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What to Know About Advance Care Planning

What to Know About Advance Care Planning

Advance care planning is the process of preparing for future medical care, particularly if you become seriously ill and/or unable to communicate your wishes. 

Yet, just 1 in 5 adults has a medical power of attorney—a responsible adult who will be your voice if you cannot speak for yourself in a medical emergency or during a serious health issue. “Taking these steps in advance care planning is important for everyone age 18 and older,” says James K. VanKirk, MD, a board-certified palliative care specialist at Winchester Medical Center and Warren Memorial Hospital. “It’s not complicated. You do not need a lawyer. And Valley Health can help.”  

Advance care planning has two parts: 

• The first is choosing your medical power of attorney (POA), also called a medical agent or healthcare proxy. “This can be an adult relative or close friend,” Dr. VanKirk explains. “Having a medical POA who knows your wishes takes a burden off your loved ones in a crisis.” There’s less doubt and confusion and more certainty you’re receiving the care you want. Once your medical POA agrees, it’s important to fill out a document naming them as such and have it witnessed by two unrelated adults (for Virginia residents) or witnessed and notarized (for West Virginia residents). “Give the original document to your medical POA. Give copies to your family and your doctors and have it included in your electronic medical record,” Dr. VanKirk suggests. “Make sure your family knows who you have named.”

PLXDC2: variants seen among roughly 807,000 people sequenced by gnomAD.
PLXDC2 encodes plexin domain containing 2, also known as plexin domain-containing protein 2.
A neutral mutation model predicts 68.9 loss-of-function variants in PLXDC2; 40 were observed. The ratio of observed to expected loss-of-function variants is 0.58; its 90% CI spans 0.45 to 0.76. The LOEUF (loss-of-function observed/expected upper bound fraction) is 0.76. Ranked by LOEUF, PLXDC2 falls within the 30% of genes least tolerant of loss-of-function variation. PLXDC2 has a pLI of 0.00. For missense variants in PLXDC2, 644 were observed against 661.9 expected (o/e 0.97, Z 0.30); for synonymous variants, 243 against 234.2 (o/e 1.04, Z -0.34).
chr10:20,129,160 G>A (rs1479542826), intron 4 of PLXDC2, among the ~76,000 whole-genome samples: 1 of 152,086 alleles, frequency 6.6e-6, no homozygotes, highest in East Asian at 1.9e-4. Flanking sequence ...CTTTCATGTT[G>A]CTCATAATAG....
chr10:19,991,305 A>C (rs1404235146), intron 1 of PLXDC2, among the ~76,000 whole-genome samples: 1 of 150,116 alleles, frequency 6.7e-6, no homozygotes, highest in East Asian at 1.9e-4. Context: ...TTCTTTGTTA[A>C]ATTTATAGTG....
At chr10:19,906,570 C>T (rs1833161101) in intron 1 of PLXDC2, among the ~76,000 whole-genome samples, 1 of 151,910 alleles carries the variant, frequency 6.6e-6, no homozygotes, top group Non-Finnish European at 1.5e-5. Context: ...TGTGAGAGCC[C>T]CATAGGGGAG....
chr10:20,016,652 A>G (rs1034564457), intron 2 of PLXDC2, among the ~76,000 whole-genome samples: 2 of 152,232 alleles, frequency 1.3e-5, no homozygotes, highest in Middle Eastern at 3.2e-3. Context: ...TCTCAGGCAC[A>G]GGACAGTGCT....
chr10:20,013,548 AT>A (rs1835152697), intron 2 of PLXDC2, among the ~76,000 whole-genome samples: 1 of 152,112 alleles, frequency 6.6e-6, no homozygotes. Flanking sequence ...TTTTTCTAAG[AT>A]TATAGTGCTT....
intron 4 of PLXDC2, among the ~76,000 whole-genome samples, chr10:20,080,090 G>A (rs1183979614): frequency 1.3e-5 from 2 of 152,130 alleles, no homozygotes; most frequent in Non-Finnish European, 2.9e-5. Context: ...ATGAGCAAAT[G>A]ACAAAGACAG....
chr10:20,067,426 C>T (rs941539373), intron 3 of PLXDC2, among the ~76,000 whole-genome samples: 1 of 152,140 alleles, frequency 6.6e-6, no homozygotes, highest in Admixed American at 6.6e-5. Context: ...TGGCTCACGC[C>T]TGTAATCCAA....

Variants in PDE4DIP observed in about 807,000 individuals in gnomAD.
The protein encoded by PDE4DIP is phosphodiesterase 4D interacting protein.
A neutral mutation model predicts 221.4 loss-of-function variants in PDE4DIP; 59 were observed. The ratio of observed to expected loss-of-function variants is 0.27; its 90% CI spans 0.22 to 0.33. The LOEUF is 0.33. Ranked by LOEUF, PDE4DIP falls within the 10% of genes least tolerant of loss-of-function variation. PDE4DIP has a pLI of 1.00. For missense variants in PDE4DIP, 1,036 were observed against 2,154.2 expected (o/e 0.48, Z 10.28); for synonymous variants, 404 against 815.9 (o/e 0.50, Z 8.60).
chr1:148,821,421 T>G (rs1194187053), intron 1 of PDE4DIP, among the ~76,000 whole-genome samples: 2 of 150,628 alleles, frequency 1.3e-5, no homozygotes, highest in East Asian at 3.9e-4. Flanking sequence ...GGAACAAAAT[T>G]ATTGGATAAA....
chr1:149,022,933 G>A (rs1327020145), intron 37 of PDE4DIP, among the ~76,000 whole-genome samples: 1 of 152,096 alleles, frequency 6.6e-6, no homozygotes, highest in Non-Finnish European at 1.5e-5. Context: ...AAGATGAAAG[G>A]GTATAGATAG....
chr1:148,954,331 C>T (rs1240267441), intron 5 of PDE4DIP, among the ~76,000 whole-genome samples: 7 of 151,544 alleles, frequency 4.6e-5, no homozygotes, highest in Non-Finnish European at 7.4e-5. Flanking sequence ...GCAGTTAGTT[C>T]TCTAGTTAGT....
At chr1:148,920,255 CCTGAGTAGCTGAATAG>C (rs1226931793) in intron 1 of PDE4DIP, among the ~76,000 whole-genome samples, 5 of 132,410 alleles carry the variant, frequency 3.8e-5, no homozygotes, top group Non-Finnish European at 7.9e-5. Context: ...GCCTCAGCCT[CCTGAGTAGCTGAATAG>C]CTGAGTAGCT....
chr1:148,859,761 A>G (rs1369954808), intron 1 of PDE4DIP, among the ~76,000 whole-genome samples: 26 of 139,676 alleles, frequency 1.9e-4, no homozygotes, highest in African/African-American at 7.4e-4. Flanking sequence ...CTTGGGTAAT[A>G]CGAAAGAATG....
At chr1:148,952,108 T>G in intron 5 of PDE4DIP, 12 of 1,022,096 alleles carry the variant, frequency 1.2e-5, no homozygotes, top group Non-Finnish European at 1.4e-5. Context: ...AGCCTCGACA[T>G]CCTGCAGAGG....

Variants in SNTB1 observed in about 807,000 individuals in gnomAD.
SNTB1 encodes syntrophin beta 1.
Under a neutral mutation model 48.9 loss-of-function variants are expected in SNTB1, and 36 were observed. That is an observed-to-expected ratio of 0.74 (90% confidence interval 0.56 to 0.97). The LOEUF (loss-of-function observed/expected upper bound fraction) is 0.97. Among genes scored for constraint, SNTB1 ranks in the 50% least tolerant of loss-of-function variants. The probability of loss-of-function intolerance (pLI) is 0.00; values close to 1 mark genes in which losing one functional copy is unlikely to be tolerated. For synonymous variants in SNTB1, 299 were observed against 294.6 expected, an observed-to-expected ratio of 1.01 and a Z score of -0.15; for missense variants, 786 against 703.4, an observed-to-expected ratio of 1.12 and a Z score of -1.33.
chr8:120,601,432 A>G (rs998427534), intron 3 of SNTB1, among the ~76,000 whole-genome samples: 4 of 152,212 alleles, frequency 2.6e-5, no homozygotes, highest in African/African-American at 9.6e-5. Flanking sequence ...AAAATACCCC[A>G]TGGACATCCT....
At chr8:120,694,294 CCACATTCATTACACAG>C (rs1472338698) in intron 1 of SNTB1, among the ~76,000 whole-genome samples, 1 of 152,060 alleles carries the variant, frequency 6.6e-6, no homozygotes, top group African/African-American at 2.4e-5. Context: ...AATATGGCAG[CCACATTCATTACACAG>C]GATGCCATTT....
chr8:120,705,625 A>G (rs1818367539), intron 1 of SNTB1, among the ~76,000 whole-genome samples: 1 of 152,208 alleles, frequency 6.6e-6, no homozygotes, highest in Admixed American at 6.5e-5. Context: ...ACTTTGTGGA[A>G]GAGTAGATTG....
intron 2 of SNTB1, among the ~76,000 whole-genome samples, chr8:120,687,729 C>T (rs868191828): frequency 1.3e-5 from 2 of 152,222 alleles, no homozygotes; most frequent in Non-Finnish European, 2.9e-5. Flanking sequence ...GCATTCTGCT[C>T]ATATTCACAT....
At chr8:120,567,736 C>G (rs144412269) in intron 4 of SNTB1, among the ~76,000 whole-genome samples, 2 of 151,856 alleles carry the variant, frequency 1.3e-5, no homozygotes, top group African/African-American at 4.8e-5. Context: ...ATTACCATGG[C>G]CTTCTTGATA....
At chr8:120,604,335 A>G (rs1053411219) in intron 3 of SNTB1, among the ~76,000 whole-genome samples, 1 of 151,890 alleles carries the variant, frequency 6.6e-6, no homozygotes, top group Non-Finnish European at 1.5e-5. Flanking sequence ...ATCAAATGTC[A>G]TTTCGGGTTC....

• The second part is making your values and wishes about medical care known to your medical POA and your loved ones. This can be spelled out in a living will or advance directive, “but the important part is having conversations about it,” Dr. VanKirk says. “Since every single medical situation is different, I encourage people to think not about specific treatments but about the quality of life they would like to have. You may be OK with being bed-bound provided you can see family and watch your favorite sports teams. Or you may feel life isn’t worth living if you can’t continue the activities you love. How much treatment are you willing to undergo? What limits are you willing to live with? This will change over your lifetime, so it’s important to have this conversation every year.” 

Find medical power of attorney and advance directive forms on the Valley Health website at Valley Health also has a team of retired healthcare practitioners ready to give presentations about advance care planning to local organizations 
and assist individuals in the process. For more information about goals-of-care conversations, call the Palliative Care office at Winchester Medical Center at 540-536-5404.